Rogers' late first half goal kickstarted five consecutive Irish goals, highlighted by two from Marlatt. During the 5-0 run, Notre Dame held the Bulldogs scoreless for 21 minutes after allowing Yale to score four of the previous five goals. Irish junior goalie and Big East Goalie of the Year John Kemp finished with 12 saves on the day.
"It's been something we've been good at for a while and certainly John is a huge piece of that puzzle," Corrigan said. "We play really sound, fundamental, smart defense so we don't make a ton of mistakes but we make mistakes. And when we make them, they still have to beat John."
Corrigan said the game played out very much like he thought it would, with the Bulldogs playing a little bit slower on offense and Notre Dame's balanced scoring shining through.
"When we lost at the end of last year, we talked about the identity of our team being a little bit more of no stars but a lot of guys that can make plays and a lot of guys that can contribute," Corrigan said. "If we play the right way, [balanced scoring] will happen."
"We're just looking to find the open guy and whoever the guy is at the end of the play is going to get the goal," Marlatt said. "We're not looking to find any one guy in any one situation. We're trying to get everyone in a good spot and we worked well as a team."
For the first time since the opening game against Duke, Irish senior attackman and captain Nicholas Beattie found the back of the net. He has been out much of the season with a knee injury.
Marlatt's hat trick was the second of his career and came in just his first game in the NCAA tournament. Marlatt missed all of last season with a back injury but has contributed 18 goals this season.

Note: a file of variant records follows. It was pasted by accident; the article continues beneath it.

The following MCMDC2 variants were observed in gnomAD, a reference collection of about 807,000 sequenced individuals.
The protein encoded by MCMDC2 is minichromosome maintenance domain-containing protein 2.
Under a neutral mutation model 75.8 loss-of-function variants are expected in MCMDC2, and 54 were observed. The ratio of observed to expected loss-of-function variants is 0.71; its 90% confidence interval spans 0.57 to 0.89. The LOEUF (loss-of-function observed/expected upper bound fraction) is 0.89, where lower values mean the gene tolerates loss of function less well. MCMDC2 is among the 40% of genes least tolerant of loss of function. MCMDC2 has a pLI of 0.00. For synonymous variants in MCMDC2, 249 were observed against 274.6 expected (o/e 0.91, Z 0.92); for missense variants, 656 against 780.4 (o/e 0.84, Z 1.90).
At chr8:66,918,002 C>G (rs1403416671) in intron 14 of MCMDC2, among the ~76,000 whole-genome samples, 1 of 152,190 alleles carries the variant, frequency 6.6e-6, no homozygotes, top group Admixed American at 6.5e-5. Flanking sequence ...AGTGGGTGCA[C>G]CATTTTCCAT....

"It was exciting. We've played in a couple big games this year with the Big City Classic and we've had great crowds this year," Marlatt said. "[I was] excited but we've been there before."
Notre Dame carried a 10-5 lead into the final quarter and were able to hang on with a couple fourth quarter goals. The Irish are now 5-0 when scoring 10 or more goals this season.
Notre Dame outscored the Bulldogs 7-3 in the second half and put the game away with senior midfielder Max Pfeifer's goal with 1:10 left in the game.
"They played great, they played poised. They were very fundamentally sound and made great plays down the stretch," Shay said. "I'm not sure we played a game we normally play."
The loss ends the season — one highlighted by an Ivy League championship and the first NCAA tournament berth since 1992 — for Yale.
"We're on new ground as a program so that much we know, we're sure of that," Shay said. "We're proud of what we accomplished. This one stings a good amount. I know we weren't [just] happy to be here. I'm certainly very proud of my guys, this senior class. They absolutely put this program in the national spotlight."
Yale rode a nine-game winning streak to win the Ivy League with a 15-7 win over Princeton in the final. The Bulldogs will lose three starters next year.
Notre Dame, meanwhile, will take on Virginia — who defeated Princeton 6-5 Sunday — in Philadelphia on May 20 in the quarterfinals.